Posts Tagged ‘Crosby Catboat’

My past few weeks have been pretty awesome all things considered. I got to work on a 1917 Crosby Catboat that was recently donated to the Wind and Oar Boat school, and the group of us working on it enjoyed making fun of the “repair” work done by one of the previous owners. It turns out one of the previous owners REALLY likes Bondo. As we stripped away paint, bondo, and fiberglass, we enjoyed the moments where what was underneath got revealed. At times we could call out “looks like original wood!” and at times it was “good god, the bondo is 1/2″ thick with a manky piece of plywood underneath!” Either way, the camaraderie was good, and despite the cold weather it was good fun.


I have also started teaching 3 of the 4 classes I’ll be teaching with the Wind and Oar Boat School for the next few months, which was great. To prepare for one I had to create a prototype and kits for 20 scale models of the Bevin’s Skiff, which I thoroughly enjoyed. New classes are always an interesting challenge. You don’t know the students, and the format is a bit different than I’m used to. For those reasons and others, the start of these classes had me feel a bit insecure as first, but in that way that makes me want to work harder at what I can to improve how the classes are run. That feels pretty good. In one of the classes, the students will be building a Penobscot 13, designed by Arch Davis. Those of us with the school have been very impressed with the quality of his plans and instructions as well as how quickly he responds to questions. It looks like we have a fantastic group of students in that class and I am excited to see that boat in particular go together.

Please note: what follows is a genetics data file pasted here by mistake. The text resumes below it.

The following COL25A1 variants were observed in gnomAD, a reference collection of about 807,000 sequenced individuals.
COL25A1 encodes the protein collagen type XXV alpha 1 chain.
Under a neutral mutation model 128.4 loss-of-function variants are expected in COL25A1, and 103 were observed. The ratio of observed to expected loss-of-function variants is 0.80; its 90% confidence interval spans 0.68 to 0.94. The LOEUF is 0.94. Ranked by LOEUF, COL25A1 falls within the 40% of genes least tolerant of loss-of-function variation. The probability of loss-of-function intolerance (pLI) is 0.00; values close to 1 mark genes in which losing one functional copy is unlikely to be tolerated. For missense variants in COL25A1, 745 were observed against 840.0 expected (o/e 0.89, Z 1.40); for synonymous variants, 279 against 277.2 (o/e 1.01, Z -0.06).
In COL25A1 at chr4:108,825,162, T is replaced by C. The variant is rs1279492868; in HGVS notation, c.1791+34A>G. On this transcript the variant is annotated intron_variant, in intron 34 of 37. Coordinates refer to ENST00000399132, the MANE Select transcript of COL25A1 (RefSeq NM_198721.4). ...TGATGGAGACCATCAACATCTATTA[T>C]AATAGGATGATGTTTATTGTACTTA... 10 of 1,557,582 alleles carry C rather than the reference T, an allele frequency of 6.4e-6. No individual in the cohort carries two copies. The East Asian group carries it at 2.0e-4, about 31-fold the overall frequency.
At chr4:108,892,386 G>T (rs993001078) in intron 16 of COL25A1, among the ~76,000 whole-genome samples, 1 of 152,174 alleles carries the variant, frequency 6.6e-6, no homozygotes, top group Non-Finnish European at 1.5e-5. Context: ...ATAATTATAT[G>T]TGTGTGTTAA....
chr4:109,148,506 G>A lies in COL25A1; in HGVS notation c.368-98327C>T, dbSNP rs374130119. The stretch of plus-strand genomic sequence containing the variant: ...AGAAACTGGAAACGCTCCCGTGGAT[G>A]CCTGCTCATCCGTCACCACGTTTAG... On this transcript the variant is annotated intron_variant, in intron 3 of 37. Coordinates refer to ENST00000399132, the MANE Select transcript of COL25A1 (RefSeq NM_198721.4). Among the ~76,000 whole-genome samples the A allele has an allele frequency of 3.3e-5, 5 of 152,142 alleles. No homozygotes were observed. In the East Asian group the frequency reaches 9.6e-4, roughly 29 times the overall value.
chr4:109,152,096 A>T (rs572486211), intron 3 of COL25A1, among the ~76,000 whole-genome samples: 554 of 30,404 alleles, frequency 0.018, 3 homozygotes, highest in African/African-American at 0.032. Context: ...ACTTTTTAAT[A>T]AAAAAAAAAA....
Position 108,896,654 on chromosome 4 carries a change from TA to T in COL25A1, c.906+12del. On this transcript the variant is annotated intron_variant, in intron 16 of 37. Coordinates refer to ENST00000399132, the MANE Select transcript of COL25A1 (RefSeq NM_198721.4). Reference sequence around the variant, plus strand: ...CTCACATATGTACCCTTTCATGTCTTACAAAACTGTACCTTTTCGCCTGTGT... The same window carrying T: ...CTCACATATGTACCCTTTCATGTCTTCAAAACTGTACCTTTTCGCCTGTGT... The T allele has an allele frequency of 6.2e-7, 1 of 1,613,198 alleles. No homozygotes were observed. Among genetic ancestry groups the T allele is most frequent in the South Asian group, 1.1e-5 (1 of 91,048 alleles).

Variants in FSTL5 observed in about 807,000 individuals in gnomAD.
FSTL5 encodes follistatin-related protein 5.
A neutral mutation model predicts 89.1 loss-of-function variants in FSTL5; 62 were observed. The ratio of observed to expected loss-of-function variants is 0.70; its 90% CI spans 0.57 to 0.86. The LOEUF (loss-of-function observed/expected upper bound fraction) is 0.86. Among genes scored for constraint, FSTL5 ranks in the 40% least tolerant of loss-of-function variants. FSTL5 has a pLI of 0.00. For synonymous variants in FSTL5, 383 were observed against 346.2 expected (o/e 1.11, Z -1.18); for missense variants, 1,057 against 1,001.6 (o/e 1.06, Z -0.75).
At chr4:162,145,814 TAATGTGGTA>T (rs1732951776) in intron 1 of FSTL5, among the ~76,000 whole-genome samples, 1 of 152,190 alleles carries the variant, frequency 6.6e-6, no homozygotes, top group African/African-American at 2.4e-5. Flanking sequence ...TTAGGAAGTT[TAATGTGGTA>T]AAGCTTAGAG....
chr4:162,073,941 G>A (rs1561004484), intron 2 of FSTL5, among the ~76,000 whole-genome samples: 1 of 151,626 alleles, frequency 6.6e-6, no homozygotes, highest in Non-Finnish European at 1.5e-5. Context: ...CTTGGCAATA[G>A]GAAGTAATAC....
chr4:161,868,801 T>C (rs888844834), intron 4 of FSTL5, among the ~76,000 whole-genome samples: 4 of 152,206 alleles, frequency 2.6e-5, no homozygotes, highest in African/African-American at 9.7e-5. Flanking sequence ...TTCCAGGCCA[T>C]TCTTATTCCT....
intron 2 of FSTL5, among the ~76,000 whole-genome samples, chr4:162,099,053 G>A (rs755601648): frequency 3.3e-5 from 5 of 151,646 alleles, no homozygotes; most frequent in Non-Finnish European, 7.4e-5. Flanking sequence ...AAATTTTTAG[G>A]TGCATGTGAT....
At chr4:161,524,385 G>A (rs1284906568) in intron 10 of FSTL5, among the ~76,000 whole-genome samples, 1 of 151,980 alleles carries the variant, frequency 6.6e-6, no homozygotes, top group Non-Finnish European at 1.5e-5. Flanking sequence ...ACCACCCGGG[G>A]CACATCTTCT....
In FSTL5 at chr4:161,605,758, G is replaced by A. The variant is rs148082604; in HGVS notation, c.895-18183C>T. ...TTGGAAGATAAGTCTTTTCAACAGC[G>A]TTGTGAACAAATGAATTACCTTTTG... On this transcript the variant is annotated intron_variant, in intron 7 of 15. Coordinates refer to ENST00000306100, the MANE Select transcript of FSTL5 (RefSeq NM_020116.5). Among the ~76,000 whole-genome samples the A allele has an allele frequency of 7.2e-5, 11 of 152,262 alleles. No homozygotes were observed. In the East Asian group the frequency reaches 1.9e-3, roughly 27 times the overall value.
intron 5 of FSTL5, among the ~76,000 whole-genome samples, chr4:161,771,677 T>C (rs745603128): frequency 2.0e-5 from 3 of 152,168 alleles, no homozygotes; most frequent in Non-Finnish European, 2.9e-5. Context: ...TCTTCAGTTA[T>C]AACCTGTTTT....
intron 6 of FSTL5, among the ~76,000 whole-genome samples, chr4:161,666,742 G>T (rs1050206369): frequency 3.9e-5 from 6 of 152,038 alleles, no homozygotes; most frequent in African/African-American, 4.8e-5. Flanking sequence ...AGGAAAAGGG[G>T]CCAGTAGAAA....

The thing that hasn’t been so cool is that my heal has been slow to heal.  Last Friday I had my 4 week follow up appointment, and the doctor told me to continue using crutches for 9 more days till my next follow up. That appointment is scheduled for this coming Monday, but its been difficult for me to spend the past 5 weeks unable to go kayaking, sailing, hiking, skiing or biking. Its been difficult to even get much woodworking done, and its been keeping me from putting as much effort as I would like into a variety of projects I have going on. Progress on the Shearwater has stagnated, and I have whales that I wanted to finish weeks ago that I still need to create pieces for. To maintain sanity, I’ve come up with some smaller projects I can work on with my foot up or while seated.

After a day trip to the coast during which I did a bit of sketching at Ecola State park, I did the following watercolor, and I kinda like how it turned out. I also did a nice sketch of the St Johns bridge last weekend, but I severely botched the watercoloring on it. I won’t be sharing that one. Oh well, I suppose when you are learning something new, you have to embrace the fact that you will make mistakes.


I also began my own ditty bag apprenticeship, mostly using the instructions in The Sailmakers Apprentice. Why not? I’d learn a bit about sewing, and some day after I have the use of both feet again, I will eventually have my small sailboat. When that is the case, the skills developed might even become relevant? Either way, it would keep my hands busy for a while. So I walked myself into a fabric store, bought a yard of 12oz Canvas, and set myself to work. As something to do when I can’t get out in my boats, I have found the project surprisingly satisfying though I think I might have also just raised myself into higher echelon of nerdyness. Well, so be it. It would appear that I am well on my way to having a ridiculously overbuilt and salty looking bag, and that amuses me. With a bit of luck, I will be off crutches by midday Monday, and I will be able to get back out on the water as well as getting back to work on a variety of projects. Wish me luck.



Read Full Post »